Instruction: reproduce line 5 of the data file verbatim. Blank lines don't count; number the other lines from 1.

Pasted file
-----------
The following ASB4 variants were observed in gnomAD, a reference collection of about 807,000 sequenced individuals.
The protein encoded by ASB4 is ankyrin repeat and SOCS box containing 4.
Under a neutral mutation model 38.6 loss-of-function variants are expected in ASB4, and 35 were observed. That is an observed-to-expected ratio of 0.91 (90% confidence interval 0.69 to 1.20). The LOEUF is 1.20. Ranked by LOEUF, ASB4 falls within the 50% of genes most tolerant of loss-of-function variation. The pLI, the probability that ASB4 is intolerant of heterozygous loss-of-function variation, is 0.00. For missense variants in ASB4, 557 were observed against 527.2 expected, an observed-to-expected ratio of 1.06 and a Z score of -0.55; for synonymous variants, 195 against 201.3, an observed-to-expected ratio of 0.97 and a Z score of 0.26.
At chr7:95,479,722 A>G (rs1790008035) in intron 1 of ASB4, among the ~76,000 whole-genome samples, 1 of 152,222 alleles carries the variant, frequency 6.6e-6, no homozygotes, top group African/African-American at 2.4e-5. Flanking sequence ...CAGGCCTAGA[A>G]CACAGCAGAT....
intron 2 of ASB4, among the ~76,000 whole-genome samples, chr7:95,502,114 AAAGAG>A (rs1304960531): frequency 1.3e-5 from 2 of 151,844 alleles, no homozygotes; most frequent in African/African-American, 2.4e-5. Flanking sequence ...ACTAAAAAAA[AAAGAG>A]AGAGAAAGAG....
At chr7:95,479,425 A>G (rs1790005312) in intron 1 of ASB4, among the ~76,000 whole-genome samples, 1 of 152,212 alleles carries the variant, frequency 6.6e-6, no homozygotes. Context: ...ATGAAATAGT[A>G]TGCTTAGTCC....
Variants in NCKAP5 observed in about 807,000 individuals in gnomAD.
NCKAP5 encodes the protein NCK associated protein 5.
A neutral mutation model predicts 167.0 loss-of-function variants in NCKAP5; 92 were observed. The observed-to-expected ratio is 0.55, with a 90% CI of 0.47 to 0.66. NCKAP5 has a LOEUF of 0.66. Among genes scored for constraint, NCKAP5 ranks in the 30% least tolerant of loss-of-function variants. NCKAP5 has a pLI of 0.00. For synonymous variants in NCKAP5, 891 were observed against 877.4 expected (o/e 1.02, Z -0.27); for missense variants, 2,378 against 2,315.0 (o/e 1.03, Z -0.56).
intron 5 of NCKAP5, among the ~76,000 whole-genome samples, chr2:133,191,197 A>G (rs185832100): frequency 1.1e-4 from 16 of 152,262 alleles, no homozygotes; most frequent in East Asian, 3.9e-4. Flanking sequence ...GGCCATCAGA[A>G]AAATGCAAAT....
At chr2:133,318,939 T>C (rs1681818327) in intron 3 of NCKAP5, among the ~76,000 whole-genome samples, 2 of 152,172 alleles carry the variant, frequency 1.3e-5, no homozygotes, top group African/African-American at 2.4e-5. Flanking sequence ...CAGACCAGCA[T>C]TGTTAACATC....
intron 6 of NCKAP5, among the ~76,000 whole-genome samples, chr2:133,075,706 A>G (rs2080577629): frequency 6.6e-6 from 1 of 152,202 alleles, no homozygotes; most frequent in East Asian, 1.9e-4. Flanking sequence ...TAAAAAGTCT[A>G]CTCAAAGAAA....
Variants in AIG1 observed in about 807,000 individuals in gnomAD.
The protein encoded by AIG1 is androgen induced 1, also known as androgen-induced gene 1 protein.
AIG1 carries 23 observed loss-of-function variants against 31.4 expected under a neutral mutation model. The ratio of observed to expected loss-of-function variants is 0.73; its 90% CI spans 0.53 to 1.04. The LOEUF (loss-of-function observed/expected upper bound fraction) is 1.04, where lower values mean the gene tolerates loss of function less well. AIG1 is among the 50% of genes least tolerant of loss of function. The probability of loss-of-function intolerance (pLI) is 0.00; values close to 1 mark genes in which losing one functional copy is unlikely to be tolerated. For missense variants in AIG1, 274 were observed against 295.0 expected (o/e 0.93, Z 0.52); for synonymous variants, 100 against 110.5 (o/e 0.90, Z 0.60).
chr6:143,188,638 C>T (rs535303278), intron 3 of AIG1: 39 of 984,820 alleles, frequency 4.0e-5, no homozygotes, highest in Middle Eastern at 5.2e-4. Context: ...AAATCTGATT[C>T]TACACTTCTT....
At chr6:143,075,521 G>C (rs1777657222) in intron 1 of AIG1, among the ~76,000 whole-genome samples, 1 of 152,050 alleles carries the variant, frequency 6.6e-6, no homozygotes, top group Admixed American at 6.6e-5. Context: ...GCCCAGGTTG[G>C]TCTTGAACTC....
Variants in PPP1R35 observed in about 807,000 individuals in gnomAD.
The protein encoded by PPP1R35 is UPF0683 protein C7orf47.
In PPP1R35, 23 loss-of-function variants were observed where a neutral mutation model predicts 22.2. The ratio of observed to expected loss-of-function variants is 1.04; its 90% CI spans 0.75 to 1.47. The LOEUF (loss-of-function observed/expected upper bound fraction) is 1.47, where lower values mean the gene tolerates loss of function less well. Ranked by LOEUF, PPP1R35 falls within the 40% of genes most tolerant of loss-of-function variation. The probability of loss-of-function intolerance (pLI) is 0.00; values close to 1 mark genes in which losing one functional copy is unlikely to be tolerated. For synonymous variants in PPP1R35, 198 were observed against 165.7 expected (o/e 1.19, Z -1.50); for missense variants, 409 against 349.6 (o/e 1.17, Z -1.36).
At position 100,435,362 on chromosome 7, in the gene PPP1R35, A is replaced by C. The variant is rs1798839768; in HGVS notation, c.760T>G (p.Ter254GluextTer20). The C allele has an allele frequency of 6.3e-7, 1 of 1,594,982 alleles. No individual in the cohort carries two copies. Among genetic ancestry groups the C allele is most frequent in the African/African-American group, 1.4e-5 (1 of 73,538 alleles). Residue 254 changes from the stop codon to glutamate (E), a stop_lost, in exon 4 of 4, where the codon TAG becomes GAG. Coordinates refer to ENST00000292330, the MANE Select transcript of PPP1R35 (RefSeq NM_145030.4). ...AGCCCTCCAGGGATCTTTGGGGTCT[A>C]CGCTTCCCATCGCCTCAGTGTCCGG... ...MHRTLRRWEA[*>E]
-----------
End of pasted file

intron 2 of ASB4, among the ~76,000 whole-genome samples, chr7:95,502,114 AAAGAG>A (rs1304960531): frequency 1.3e-5 from 2 of 151,844 alleles, no homozygotes; most frequent in African/African-American, 2.4e-5. Flanking sequence ...ACTAAAAAAA[AAAGAG>A]AGAGAAAGAG....